A woman has died and 30 people were left unwell in a suspected case of food poisoning after eating a Christmas Day dinner at a pub in Essex.
The woman, thought to be in her 40s, is believed to have eaten the £39.95 four-course festive lunch at the Railway Hotel in Hornchurch, according to the Daily Mail.
She became ill soon after returning home, and was taken to hospital, where she died two days later on the 27 December.
A joint investigation has been launched by the HPA and Havering Council's environmental health team to establish any links between the food poisoning outbreak and food eaten at the Railway Hotel.
The Health Protection Agency (HPA) said about 30 other diners at the venue had reported symptoms of food poisoning after their Christmas lunch, and laboratory tests confirmed the presence of Clostridium perfringens - the third most common bacterial cause of food poisoning, linked with red meat and poultry - in samples submitted by them all, including the woman that died.
An HPA spokeswoman told the Daily Telegraph: "We have been notified of an outbreak of food poisoning associated with an establishment in Havering. One person has sadly died after being admitted to hospital.
"Laboratory testing has confirmed the presence of Clostridium perfringens bacteria in a number of samples submitted by those experiencing symptoms, including the patient who died."
But a hotel spokesman has said it's wrong to speculate about the cause of the illnesses until after the investigation.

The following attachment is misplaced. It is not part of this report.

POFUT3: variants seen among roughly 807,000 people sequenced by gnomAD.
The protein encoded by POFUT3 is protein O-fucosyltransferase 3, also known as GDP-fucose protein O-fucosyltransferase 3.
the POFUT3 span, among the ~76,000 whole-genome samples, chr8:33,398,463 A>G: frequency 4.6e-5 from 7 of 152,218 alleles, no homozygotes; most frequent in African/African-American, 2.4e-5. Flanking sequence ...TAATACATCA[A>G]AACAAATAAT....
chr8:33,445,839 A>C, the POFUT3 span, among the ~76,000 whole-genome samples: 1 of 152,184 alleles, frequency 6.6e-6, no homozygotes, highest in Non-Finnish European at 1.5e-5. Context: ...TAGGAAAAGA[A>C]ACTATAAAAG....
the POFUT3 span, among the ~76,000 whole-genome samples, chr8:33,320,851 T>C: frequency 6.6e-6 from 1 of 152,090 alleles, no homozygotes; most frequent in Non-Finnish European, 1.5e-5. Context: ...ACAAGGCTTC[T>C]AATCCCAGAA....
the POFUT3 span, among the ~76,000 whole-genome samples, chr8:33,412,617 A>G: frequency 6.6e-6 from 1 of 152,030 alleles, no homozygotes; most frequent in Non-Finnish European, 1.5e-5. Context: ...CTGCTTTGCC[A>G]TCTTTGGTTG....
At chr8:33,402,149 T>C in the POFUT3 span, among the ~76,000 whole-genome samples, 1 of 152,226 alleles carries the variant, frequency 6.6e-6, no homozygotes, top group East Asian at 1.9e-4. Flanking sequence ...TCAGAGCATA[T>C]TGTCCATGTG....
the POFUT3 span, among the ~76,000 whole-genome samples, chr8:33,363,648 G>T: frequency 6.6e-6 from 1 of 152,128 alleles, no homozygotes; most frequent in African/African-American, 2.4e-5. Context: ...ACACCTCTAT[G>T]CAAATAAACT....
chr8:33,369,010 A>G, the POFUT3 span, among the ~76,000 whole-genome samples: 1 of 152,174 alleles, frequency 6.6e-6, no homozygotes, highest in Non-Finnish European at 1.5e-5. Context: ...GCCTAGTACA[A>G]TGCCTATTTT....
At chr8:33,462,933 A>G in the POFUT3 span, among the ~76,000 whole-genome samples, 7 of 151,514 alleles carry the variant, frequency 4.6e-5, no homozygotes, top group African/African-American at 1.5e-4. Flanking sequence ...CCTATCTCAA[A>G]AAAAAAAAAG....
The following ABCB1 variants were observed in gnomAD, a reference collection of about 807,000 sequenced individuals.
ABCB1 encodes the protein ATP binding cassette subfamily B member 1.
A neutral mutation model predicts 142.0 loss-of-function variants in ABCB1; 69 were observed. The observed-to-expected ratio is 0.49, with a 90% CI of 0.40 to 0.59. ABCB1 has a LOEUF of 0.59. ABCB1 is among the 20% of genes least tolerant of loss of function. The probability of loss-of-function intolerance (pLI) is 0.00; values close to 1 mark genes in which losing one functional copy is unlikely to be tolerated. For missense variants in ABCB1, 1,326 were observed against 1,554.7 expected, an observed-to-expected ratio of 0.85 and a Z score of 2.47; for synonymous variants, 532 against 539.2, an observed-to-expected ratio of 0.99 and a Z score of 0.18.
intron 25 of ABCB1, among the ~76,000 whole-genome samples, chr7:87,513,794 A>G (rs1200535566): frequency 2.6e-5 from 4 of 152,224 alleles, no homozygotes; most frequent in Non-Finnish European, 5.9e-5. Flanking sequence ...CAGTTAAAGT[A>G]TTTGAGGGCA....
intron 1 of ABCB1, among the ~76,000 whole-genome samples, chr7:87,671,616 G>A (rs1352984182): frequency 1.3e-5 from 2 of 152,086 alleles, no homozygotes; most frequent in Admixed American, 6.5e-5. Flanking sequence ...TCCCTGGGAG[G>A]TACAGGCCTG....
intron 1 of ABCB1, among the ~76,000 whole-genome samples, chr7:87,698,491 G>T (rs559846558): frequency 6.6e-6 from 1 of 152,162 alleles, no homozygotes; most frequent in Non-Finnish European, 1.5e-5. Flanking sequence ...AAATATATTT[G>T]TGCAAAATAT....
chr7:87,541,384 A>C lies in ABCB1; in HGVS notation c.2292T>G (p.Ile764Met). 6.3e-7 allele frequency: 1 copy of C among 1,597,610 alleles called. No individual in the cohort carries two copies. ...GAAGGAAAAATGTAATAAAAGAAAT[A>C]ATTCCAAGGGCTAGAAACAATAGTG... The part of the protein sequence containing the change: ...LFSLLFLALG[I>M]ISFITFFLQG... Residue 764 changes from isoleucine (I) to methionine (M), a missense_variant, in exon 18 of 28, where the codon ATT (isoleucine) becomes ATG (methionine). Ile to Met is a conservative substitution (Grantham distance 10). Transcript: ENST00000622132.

A spokesman for Ember Inns, which runs the Railway Hotel in Hornchurch, said: "We would like to reassure our guests that we prepare our food to the highest hygiene standards.
"Our kitchens are monitored regularly through internal checks and independent external audits. In fact the pub holds a five-star hygiene rating under the Food Standards Association (FSA) National Rating Scheme, the highest rating that can be awarded by the FSA.
"Until the investigation is complete it would be wrong to speculate as to the cause of the symptoms experienced by the guests who visited us."
Dr Deborah Turbitt, director of the HPA's local health protection unit, said: "Our thoughts are with the family at this sad time.
"We have been working with Environmental Health Officers at Havering Council to identify the cause of illness and any links to food eaten at the venue.
"The venue has been cooperating fully with our investigations. Indications suggest that this outbreak is an isolated event."
She added: "The illness generally lasts no more than a few days although vulnerable groups such as very young children, elderly people, and those with underlying health problems can be more seriously affected.
"It is rare for a person to die as a direct result of food poisoning."
A spokesperson for the Railway Hotel said: "We would like to offer our sincere condolences to the family at this difficult time. The Local Authority is currently investigating an alleged food poisoning outbreak at the Railway. We are fully co-operating with the Environmental Health and Health Protection Agency teams while they conduct this investigation; however until the investigation is complete we can't speculate about a possible cause or source."
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